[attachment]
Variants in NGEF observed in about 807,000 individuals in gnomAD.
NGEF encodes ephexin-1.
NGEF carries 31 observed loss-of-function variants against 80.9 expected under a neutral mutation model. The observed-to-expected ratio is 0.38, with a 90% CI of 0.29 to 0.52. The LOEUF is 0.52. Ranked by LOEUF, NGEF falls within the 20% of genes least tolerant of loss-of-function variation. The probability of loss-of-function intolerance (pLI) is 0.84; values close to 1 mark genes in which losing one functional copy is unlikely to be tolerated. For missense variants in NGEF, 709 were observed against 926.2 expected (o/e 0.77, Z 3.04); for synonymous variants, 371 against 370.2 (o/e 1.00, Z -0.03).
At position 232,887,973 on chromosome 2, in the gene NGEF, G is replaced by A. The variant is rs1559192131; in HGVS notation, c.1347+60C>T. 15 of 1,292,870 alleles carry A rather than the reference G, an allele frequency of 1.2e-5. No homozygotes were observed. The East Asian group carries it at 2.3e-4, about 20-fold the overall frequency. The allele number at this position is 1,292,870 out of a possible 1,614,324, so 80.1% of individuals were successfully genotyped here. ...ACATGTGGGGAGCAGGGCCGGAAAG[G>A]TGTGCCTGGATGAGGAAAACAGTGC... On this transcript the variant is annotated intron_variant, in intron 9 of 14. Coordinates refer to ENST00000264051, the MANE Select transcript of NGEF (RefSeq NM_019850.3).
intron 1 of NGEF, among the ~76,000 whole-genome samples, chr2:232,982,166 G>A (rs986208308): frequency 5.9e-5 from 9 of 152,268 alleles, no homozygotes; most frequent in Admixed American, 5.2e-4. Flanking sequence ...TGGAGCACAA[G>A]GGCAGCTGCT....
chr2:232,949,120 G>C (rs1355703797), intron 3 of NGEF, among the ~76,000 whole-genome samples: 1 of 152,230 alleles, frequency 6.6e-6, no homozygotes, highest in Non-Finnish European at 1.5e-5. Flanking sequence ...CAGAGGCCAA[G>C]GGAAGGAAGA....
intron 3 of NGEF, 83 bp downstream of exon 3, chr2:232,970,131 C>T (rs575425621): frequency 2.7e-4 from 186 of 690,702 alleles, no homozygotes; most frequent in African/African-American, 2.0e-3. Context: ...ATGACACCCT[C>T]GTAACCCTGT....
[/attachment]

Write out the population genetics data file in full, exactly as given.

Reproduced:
Variants in NGEF observed in about 807,000 individuals in gnomAD.
NGEF encodes ephexin-1.
NGEF carries 31 observed loss-of-function variants against 80.9 expected under a neutral mutation model. The observed-to-expected ratio is 0.38, with a 90% CI of 0.29 to 0.52. The LOEUF is 0.52. Ranked by LOEUF, NGEF falls within the 20% of genes least tolerant of loss-of-function variation. The probability of loss-of-function intolerance (pLI) is 0.84; values close to 1 mark genes in which losing one functional copy is unlikely to be tolerated. For missense variants in NGEF, 709 were observed against 926.2 expected (o/e 0.77, Z 3.04); for synonymous variants, 371 against 370.2 (o/e 1.00, Z -0.03).
At position 232,887,973 on chromosome 2, in the gene NGEF, G is replaced by A. The variant is rs1559192131; in HGVS notation, c.1347+60C>T. 15 of 1,292,870 alleles carry A rather than the reference G, an allele frequency of 1.2e-5. No homozygotes were observed. The East Asian group carries it at 2.3e-4, about 20-fold the overall frequency. The allele number at this position is 1,292,870 out of a possible 1,614,324, so 80.1% of individuals were successfully genotyped here. ...ACATGTGGGGAGCAGGGCCGGAAAG[G>A]TGTGCCTGGATGAGGAAAACAGTGC... On this transcript the variant is annotated intron_variant, in intron 9 of 14. Coordinates refer to ENST00000264051, the MANE Select transcript of NGEF (RefSeq NM_019850.3).
intron 1 of NGEF, among the ~76,000 whole-genome samples, chr2:232,982,166 G>A (rs986208308): frequency 5.9e-5 from 9 of 152,268 alleles, no homozygotes; most frequent in Admixed American, 5.2e-4. Flanking sequence ...TGGAGCACAA[G>A]GGCAGCTGCT....
chr2:232,949,120 G>C (rs1355703797), intron 3 of NGEF, among the ~76,000 whole-genome samples: 1 of 152,230 alleles, frequency 6.6e-6, no homozygotes, highest in Non-Finnish European at 1.5e-5. Flanking sequence ...CAGAGGCCAA[G>C]GGAAGGAAGA....
intron 3 of NGEF, 83 bp downstream of exon 3, chr2:232,970,131 C>T (rs575425621): frequency 2.7e-4 from 186 of 690,702 alleles, no homozygotes; most frequent in African/African-American, 2.0e-3. Context: ...ATGACACCCT[C>T]GTAACCCTGT....